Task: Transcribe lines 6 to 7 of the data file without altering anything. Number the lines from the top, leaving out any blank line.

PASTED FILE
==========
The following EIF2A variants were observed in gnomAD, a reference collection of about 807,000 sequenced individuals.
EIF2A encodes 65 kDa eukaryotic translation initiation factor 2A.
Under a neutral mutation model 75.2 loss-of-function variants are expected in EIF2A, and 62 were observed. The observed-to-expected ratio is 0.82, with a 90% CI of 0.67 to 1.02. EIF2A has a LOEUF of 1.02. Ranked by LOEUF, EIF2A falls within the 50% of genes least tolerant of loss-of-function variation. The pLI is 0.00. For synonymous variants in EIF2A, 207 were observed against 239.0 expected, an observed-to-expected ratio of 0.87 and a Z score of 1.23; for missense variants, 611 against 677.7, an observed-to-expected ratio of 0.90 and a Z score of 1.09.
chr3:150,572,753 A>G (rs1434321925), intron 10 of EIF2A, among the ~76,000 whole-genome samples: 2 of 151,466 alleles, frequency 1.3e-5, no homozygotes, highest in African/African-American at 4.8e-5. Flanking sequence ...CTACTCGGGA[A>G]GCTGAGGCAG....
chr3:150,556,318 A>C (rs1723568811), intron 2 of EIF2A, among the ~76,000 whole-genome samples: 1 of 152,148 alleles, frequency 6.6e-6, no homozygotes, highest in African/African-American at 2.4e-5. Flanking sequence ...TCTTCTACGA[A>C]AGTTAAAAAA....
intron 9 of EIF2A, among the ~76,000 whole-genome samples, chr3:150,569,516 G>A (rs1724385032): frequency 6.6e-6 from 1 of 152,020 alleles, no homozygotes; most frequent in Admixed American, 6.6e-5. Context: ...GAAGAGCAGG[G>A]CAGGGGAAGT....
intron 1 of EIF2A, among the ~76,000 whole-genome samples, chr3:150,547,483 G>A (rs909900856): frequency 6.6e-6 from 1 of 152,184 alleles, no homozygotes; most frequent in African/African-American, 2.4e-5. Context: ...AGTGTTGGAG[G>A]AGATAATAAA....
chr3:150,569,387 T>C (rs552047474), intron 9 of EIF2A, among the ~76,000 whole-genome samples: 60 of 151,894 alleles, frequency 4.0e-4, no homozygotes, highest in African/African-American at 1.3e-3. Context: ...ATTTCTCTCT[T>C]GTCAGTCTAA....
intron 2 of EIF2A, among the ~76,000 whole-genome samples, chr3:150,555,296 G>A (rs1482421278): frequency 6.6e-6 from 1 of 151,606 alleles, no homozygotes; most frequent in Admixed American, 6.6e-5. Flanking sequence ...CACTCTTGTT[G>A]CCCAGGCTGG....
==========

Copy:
intron 9 of EIF2A, among the ~76,000 whole-genome samples, chr3:150,569,516 G>A (rs1724385032): frequency 6.6e-6 from 1 of 152,020 alleles, no homozygotes; most frequent in Admixed American, 6.6e-5. Context: ...GAAGAGCAGG[G>A]CAGGGGAAGT....
intron 1 of EIF2A, among the ~76,000 whole-genome samples, chr3:150,547,483 G>A (rs909900856): frequency 6.6e-6 from 1 of 152,184 alleles, no homozygotes; most frequent in African/African-American, 2.4e-5. Context: ...AGTGTTGGAG[G>A]AGATAATAAA....